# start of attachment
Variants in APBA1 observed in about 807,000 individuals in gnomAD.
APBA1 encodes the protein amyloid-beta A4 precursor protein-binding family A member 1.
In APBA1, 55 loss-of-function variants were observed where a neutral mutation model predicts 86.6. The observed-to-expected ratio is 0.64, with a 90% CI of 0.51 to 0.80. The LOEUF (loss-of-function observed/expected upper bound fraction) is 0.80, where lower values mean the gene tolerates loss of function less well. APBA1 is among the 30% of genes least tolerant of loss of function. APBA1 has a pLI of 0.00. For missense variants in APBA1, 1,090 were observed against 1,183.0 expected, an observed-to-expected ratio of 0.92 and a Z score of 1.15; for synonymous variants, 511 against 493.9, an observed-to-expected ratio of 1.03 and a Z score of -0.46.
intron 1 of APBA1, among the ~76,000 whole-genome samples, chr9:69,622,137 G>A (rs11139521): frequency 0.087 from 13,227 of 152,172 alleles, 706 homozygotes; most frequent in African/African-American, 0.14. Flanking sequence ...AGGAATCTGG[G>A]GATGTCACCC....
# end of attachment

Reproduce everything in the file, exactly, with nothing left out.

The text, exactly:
Variants in APBA1 observed in about 807,000 individuals in gnomAD.
APBA1 encodes the protein amyloid-beta A4 precursor protein-binding family A member 1.
In APBA1, 55 loss-of-function variants were observed where a neutral mutation model predicts 86.6. The observed-to-expected ratio is 0.64, with a 90% CI of 0.51 to 0.80. The LOEUF (loss-of-function observed/expected upper bound fraction) is 0.80, where lower values mean the gene tolerates loss of function less well. APBA1 is among the 30% of genes least tolerant of loss of function. APBA1 has a pLI of 0.00. For missense variants in APBA1, 1,090 were observed against 1,183.0 expected, an observed-to-expected ratio of 0.92 and a Z score of 1.15; for synonymous variants, 511 against 493.9, an observed-to-expected ratio of 1.03 and a Z score of -0.46.
intron 1 of APBA1, among the ~76,000 whole-genome samples, chr9:69,622,137 G>A (rs11139521): frequency 0.087 from 13,227 of 152,172 alleles, 706 homozygotes; most frequent in African/African-American, 0.14. Flanking sequence ...AGGAATCTGG[G>A]GATGTCACCC....